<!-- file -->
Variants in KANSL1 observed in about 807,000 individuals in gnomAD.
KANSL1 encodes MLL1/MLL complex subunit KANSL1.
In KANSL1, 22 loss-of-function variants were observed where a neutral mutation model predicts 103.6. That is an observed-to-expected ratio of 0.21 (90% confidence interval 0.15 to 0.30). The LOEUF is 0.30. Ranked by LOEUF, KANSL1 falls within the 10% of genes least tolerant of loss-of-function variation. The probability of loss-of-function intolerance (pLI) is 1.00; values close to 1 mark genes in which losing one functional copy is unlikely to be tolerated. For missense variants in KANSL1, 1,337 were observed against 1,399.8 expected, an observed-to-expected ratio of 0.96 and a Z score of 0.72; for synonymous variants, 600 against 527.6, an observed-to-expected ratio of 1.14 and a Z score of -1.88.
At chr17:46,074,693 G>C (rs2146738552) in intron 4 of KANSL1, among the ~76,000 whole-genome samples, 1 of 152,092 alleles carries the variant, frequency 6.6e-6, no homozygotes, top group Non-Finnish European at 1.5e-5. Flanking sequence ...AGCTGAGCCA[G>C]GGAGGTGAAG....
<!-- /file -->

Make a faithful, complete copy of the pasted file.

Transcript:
Variants in KANSL1 observed in about 807,000 individuals in gnomAD.
KANSL1 encodes MLL1/MLL complex subunit KANSL1.
In KANSL1, 22 loss-of-function variants were observed where a neutral mutation model predicts 103.6. That is an observed-to-expected ratio of 0.21 (90% confidence interval 0.15 to 0.30). The LOEUF is 0.30. Ranked by LOEUF, KANSL1 falls within the 10% of genes least tolerant of loss-of-function variation. The probability of loss-of-function intolerance (pLI) is 1.00; values close to 1 mark genes in which losing one functional copy is unlikely to be tolerated. For missense variants in KANSL1, 1,337 were observed against 1,399.8 expected, an observed-to-expected ratio of 0.96 and a Z score of 0.72; for synonymous variants, 600 against 527.6, an observed-to-expected ratio of 1.14 and a Z score of -1.88.
At chr17:46,074,693 G>C (rs2146738552) in intron 4 of KANSL1, among the ~76,000 whole-genome samples, 1 of 152,092 alleles carries the variant, frequency 6.6e-6, no homozygotes, top group Non-Finnish European at 1.5e-5. Flanking sequence ...AGCTGAGCCA[G>C]GGAGGTGAAG....